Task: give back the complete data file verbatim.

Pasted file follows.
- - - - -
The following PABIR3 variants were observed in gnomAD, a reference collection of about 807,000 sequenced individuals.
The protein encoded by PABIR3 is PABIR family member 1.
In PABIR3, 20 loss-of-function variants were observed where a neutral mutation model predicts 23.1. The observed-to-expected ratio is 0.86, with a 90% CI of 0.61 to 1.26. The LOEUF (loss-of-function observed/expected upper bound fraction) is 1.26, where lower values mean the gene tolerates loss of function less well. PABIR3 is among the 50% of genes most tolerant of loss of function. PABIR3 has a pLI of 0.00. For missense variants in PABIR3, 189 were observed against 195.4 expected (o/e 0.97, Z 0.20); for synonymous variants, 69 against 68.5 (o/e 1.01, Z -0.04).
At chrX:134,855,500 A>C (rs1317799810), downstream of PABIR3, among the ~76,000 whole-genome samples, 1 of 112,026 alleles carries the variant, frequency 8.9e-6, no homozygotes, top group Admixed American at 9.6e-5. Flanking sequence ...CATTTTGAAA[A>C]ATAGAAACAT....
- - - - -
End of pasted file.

The following PABIR3 variants were observed in gnomAD, a reference collection of about 807,000 sequenced individuals.
The protein encoded by PABIR3 is PABIR family member 1.
In PABIR3, 20 loss-of-function variants were observed where a neutral mutation model predicts 23.1. The observed-to-expected ratio is 0.86, with a 90% CI of 0.61 to 1.26. The LOEUF (loss-of-function observed/expected upper bound fraction) is 1.26, where lower values mean the gene tolerates loss of function less well. PABIR3 is among the 50% of genes most tolerant of loss of function. PABIR3 has a pLI of 0.00. For missense variants in PABIR3, 189 were observed against 195.4 expected (o/e 0.97, Z 0.20); for synonymous variants, 69 against 68.5 (o/e 1.01, Z -0.04).
At chrX:134,855,500 A>C (rs1317799810), downstream of PABIR3, among the ~76,000 whole-genome samples, 1 of 112,026 alleles carries the variant, frequency 8.9e-6, no homozygotes, top group Admixed American at 9.6e-5. Flanking sequence ...CATTTTGAAA[A>C]ATAGAAACAT....